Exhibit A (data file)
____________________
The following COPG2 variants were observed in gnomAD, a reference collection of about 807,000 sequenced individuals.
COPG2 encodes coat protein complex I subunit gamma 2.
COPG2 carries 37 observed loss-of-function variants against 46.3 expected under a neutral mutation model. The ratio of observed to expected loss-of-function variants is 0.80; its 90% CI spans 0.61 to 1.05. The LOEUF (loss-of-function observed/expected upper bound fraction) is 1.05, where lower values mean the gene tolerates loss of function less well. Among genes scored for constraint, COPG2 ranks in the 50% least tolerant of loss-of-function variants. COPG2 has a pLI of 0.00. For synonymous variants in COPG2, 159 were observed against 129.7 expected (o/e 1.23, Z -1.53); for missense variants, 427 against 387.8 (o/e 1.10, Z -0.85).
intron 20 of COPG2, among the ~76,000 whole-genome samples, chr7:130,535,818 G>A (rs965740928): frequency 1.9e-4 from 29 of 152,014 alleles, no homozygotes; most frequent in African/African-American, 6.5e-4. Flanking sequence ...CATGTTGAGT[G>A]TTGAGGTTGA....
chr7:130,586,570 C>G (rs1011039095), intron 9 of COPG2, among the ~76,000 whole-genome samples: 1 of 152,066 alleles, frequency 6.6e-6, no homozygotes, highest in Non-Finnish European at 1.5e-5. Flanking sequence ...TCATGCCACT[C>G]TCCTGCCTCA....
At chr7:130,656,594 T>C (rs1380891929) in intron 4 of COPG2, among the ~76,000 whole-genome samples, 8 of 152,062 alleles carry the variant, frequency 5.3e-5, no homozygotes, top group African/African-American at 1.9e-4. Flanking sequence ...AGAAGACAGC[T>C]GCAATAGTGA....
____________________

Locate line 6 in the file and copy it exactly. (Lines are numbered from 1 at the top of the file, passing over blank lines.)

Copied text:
At chr7:130,656,594 T>C (rs1380891929) in intron 4 of COPG2, among the ~76,000 whole-genome samples, 8 of 152,062 alleles carry the variant, frequency 5.3e-5, no homozygotes, top group African/African-American at 1.9e-4. Flanking sequence ...AGAAGACAGC[T>C]GCAATAGTGA....